When you return from the brisk -25°C of Harbin and fly to tropical Manila three days later, believe it or not, but there are plenty of things that can stay in your suitcase. It’s not like you have time to unpack and repack… plus you’re used to living out of a suitcase anyway!

6. You have multiple currencies in your wallet.

No need to yell at the vending machine for spitting out your coin for the third time. Look at it carefully. After all, PHP can be easily confused with RMB not to mention Japanese Yen. I somehow always have a dollar in my wallet, even if it’s been years since a trip to the US.

7. You have to stop yourself from babbling incessantly about your trips.

We get it, you’re well-traveled. You don’t need to make an anecdote about the sushi you ate in Japan. No one wants to hear you comparing Vietnam to Cambodia and then concluding that Laos was actually your favorite. We all know someone like that and I bite my tongue the moment I hear myself becoming them. You should too!

8. You’re already thinking about your future trip on your current one.

“Oh no, I should have waited to come here before booking accommodation. The resort is cheaper than my hard to access Airbnb, maybe I should cancel my bookings for Bali… oh, I need to remember to pack the dress I wore in Macao, it was great for hot weather… oh but what will I wear in Taiwa-”

“Or we could focus on Cebu, Olena.”


9. You an expert at converting currencies.

I know that 50 Philipino Pesos are worth a $1 which is too much to pay for a 5 minute tuk-tuk ride if I’m comparing to the prices in China. But since I paid 16,000 South Korean won for an airport shuttle in Seoul I can afford to splurge 1,000 Pesos for a comfortable taxi back to the Cebu airport to make sure I don’t miss my flight to Bali via Manila. Right?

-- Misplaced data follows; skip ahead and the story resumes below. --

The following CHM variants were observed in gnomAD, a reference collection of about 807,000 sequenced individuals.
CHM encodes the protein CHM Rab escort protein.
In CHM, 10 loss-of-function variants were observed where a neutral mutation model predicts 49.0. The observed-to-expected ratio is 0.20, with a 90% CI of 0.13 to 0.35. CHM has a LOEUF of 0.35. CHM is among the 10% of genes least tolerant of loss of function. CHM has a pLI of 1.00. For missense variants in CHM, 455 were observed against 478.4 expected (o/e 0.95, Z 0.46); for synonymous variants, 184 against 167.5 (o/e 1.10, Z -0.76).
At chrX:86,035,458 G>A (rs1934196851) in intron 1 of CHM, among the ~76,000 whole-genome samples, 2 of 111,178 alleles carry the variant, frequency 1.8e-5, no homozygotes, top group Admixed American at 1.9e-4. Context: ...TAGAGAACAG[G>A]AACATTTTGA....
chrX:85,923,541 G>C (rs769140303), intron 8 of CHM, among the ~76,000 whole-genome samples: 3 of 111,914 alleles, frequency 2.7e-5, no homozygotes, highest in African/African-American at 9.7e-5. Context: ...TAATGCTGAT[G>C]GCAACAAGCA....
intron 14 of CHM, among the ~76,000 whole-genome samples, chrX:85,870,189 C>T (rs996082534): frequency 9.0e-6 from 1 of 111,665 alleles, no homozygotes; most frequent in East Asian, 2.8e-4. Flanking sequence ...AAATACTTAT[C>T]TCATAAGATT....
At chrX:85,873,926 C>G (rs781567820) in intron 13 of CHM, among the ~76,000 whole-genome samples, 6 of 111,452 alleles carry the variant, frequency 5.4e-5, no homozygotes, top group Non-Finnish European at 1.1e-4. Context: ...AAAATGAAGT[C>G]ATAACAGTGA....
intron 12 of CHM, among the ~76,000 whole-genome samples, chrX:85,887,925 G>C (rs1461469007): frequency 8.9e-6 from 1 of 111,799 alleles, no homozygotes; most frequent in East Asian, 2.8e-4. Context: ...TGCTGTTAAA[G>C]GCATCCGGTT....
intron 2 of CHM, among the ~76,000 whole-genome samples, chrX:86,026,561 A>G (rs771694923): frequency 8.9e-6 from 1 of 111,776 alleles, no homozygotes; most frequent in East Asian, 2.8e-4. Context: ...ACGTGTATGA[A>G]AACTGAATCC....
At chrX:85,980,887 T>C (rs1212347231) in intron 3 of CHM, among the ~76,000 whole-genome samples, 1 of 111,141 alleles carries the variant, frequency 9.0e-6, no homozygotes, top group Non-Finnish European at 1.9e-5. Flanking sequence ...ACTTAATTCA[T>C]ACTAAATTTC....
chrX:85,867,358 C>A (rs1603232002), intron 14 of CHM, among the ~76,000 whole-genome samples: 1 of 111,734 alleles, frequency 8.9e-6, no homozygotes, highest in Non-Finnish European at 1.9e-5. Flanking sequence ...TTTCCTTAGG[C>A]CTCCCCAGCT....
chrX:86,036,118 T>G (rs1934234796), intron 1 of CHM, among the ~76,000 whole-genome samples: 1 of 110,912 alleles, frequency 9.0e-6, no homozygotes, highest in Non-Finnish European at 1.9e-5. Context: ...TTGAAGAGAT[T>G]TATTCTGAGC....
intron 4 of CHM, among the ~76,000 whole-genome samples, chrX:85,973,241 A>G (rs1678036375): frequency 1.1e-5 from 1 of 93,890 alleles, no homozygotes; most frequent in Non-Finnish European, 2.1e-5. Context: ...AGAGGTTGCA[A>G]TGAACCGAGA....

10. You complain at restaurants because the “real thing” tastes better.

I knew that eating sushi in Ginza, Tokyo would ruin me. I might no longer eat fish (6 months vegan and going strong) but if the wasabi doesn’t dissolve instantly in my low sodium soy sauce, I’m not going to be satisfied with my mango rolls… don’t even get me started on pizza in China.

Don’t believe that I travel too much? Check out my 2017 travels in 346 second clips!

Ever woken up and forgotten what country you’re in? Accidentally said “vodu, prosim” in Spain? Or weren’t sure how many hands to accept money with because you’ve read so many ‘basic manners in *blank*’ blogs that it’s all blended together? Share your story in the comment section below!

Prepare for Upcoming Vietnam Posts!

Hello everyone, long time no post! Between visiting the Avatar Mountains, spending three weeks in Vietnam and moving apartments, I have fallen behind. Now I have three weeks to put a month of traveling and experiences into YouTube videos and blog posts. Wish me luck! In the mean time, please enjoy some of my favorite photos from Vietnam. You might have seen them on my Instagram 😉